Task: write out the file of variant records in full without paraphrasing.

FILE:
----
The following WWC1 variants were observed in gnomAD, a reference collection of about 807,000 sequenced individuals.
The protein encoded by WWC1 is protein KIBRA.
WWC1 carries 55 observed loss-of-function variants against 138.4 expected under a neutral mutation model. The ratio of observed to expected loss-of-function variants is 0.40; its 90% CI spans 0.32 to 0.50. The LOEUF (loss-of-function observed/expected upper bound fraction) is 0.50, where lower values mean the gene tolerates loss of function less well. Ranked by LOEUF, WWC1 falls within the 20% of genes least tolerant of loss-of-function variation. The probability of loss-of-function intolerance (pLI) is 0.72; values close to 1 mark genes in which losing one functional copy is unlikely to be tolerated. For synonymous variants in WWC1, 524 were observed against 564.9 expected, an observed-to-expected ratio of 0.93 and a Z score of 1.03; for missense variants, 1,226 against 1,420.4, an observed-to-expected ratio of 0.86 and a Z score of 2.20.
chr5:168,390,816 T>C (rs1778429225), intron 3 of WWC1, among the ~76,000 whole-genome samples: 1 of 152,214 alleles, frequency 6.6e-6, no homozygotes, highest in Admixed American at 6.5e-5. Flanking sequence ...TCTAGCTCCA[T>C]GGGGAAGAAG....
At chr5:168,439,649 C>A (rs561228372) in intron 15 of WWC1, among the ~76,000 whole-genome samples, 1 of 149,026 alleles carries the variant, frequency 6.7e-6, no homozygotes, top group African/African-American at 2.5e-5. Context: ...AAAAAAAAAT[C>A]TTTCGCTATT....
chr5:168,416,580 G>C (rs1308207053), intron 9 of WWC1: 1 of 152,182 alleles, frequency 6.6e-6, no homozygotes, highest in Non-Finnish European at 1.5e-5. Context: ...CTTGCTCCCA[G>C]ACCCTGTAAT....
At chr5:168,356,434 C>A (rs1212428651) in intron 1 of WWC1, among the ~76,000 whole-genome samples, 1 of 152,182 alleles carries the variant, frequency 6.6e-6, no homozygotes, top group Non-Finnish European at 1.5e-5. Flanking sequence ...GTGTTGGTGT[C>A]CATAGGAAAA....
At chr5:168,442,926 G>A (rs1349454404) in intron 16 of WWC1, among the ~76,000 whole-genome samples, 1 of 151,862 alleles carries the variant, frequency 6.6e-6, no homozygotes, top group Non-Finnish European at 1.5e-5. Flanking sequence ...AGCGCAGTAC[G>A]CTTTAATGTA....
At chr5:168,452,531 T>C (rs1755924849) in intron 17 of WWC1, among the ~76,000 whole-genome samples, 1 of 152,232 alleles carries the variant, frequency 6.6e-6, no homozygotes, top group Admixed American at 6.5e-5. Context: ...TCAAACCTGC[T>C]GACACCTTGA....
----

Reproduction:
The following WWC1 variants were observed in gnomAD, a reference collection of about 807,000 sequenced individuals.
The protein encoded by WWC1 is protein KIBRA.
WWC1 carries 55 observed loss-of-function variants against 138.4 expected under a neutral mutation model. The ratio of observed to expected loss-of-function variants is 0.40; its 90% CI spans 0.32 to 0.50. The LOEUF (loss-of-function observed/expected upper bound fraction) is 0.50, where lower values mean the gene tolerates loss of function less well. Ranked by LOEUF, WWC1 falls within the 20% of genes least tolerant of loss-of-function variation. The probability of loss-of-function intolerance (pLI) is 0.72; values close to 1 mark genes in which losing one functional copy is unlikely to be tolerated. For synonymous variants in WWC1, 524 were observed against 564.9 expected, an observed-to-expected ratio of 0.93 and a Z score of 1.03; for missense variants, 1,226 against 1,420.4, an observed-to-expected ratio of 0.86 and a Z score of 2.20.
chr5:168,390,816 T>C (rs1778429225), intron 3 of WWC1, among the ~76,000 whole-genome samples: 1 of 152,214 alleles, frequency 6.6e-6, no homozygotes, highest in Admixed American at 6.5e-5. Flanking sequence ...TCTAGCTCCA[T>C]GGGGAAGAAG....
At chr5:168,439,649 C>A (rs561228372) in intron 15 of WWC1, among the ~76,000 whole-genome samples, 1 of 149,026 alleles carries the variant, frequency 6.7e-6, no homozygotes, top group African/African-American at 2.5e-5. Context: ...AAAAAAAAAT[C>A]TTTCGCTATT....
chr5:168,416,580 G>C (rs1308207053), intron 9 of WWC1: 1 of 152,182 alleles, frequency 6.6e-6, no homozygotes, highest in Non-Finnish European at 1.5e-5. Context: ...CTTGCTCCCA[G>C]ACCCTGTAAT....
At chr5:168,356,434 C>A (rs1212428651) in intron 1 of WWC1, among the ~76,000 whole-genome samples, 1 of 152,182 alleles carries the variant, frequency 6.6e-6, no homozygotes, top group Non-Finnish European at 1.5e-5. Flanking sequence ...GTGTTGGTGT[C>A]CATAGGAAAA....
At chr5:168,442,926 G>A (rs1349454404) in intron 16 of WWC1, among the ~76,000 whole-genome samples, 1 of 151,862 alleles carries the variant, frequency 6.6e-6, no homozygotes, top group Non-Finnish European at 1.5e-5. Flanking sequence ...AGCGCAGTAC[G>A]CTTTAATGTA....
At chr5:168,452,531 T>C (rs1755924849) in intron 17 of WWC1, among the ~76,000 whole-genome samples, 1 of 152,232 alleles carries the variant, frequency 6.6e-6, no homozygotes, top group Admixed American at 6.5e-5. Context: ...TCAAACCTGC[T>C]GACACCTTGA....